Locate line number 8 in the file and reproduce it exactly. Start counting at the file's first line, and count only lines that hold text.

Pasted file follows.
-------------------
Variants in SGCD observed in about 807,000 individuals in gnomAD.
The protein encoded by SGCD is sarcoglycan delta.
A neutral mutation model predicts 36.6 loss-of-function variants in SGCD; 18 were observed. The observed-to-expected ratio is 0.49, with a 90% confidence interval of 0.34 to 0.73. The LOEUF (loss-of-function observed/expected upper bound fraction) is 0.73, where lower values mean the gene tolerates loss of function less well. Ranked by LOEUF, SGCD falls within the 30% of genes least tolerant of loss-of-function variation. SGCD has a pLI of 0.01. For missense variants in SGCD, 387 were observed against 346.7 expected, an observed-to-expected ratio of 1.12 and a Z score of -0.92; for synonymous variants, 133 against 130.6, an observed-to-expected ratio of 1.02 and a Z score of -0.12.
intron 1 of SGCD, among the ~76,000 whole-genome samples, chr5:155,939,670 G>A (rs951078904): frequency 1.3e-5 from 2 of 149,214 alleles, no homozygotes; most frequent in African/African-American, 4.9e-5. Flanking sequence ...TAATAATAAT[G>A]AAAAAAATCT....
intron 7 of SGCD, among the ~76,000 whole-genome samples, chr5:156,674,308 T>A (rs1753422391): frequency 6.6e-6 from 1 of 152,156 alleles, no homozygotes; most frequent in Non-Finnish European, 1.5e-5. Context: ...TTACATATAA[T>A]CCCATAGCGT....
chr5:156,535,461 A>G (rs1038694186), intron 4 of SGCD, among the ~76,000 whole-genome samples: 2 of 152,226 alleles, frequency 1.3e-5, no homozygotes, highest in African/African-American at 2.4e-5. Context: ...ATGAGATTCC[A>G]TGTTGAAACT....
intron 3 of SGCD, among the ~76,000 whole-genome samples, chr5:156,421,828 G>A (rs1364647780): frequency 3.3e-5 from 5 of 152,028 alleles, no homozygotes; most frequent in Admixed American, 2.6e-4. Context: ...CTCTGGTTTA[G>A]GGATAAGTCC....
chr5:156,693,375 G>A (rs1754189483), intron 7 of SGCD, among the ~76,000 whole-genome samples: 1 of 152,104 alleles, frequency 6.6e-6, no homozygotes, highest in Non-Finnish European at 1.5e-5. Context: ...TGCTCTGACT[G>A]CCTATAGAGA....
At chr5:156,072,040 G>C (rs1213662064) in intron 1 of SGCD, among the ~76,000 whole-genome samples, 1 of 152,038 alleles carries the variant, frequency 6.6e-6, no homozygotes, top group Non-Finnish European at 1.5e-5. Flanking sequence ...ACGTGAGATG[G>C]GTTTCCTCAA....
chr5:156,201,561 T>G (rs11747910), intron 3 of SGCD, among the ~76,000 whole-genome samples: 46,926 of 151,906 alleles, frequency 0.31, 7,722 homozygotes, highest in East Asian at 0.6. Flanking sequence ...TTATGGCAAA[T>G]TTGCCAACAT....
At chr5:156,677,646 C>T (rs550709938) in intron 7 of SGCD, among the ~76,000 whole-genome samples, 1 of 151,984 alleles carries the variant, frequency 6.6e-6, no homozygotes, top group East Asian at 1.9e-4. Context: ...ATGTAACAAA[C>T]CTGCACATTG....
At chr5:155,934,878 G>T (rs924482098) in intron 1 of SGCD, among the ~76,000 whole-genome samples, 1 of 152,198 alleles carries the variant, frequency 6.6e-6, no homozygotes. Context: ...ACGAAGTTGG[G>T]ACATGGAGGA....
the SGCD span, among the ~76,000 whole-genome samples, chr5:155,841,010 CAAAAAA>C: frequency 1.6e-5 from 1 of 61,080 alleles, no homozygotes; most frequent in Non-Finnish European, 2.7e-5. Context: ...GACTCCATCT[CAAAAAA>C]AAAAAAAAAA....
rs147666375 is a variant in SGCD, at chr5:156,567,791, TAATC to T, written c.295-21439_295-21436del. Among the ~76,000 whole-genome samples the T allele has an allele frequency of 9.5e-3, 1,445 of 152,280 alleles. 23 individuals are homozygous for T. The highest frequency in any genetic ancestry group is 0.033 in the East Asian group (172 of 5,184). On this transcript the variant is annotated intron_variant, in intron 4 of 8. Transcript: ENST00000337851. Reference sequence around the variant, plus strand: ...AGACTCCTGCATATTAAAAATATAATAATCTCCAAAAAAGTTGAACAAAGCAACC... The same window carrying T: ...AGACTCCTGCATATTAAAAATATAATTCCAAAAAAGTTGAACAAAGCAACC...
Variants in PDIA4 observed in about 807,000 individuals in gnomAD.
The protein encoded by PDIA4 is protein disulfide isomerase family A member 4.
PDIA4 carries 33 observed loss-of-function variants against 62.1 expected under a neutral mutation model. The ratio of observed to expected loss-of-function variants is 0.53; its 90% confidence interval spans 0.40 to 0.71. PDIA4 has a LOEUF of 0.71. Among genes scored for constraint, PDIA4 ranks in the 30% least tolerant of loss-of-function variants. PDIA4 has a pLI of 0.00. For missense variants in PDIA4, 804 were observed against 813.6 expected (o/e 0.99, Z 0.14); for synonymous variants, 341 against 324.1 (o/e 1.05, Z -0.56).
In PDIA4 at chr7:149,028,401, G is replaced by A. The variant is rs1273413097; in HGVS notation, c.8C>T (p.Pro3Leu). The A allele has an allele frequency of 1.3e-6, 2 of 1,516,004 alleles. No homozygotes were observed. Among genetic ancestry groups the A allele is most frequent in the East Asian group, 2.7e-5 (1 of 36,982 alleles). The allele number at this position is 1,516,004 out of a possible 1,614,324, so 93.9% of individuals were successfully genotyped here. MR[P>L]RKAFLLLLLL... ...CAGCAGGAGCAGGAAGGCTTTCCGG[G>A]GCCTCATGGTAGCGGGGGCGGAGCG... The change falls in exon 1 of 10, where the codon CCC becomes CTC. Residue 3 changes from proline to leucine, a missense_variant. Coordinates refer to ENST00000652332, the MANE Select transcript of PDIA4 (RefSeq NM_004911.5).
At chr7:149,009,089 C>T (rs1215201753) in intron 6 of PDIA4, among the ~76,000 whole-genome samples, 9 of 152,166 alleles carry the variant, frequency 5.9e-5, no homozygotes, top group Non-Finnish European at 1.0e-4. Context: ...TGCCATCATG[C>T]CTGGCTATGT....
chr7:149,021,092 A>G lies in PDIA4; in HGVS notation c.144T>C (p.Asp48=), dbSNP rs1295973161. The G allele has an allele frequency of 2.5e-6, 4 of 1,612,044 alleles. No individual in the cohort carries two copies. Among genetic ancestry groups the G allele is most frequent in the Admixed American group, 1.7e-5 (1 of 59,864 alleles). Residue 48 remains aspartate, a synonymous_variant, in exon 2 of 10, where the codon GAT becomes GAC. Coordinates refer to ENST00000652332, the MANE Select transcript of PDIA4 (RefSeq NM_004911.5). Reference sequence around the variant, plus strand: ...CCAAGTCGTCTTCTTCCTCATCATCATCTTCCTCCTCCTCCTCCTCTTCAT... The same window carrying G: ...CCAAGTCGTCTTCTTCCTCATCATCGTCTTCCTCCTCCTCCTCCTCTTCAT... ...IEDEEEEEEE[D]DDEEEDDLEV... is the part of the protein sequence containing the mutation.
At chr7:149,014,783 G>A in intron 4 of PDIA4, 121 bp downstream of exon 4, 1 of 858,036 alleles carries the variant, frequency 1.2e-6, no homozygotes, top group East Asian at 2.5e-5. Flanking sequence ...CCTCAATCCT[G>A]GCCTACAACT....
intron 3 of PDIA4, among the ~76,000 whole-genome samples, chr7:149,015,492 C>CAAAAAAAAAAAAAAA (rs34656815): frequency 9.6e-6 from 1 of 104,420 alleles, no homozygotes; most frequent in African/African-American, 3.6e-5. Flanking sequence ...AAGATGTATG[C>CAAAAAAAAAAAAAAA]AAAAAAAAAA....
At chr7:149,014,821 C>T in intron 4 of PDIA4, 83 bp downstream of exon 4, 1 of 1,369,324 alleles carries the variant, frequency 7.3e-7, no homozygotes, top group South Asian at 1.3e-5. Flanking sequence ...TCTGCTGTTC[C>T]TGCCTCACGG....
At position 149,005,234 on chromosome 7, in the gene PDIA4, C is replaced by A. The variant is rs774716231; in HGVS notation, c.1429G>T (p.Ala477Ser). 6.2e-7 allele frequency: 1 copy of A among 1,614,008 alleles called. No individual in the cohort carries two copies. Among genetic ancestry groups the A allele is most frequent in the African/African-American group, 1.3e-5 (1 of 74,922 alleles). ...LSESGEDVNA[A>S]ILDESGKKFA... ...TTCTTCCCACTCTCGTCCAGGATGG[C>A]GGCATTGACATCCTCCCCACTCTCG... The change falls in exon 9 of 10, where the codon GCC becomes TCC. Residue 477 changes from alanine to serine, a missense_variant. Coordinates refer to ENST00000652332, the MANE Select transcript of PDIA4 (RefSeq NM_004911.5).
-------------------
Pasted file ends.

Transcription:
chr5:156,693,375 G>A (rs1754189483), intron 7 of SGCD, among the ~76,000 whole-genome samples: 1 of 152,104 alleles, frequency 6.6e-6, no homozygotes, highest in Non-Finnish European at 1.5e-5. Context: ...TGCTCTGACT[G>A]CCTATAGAGA....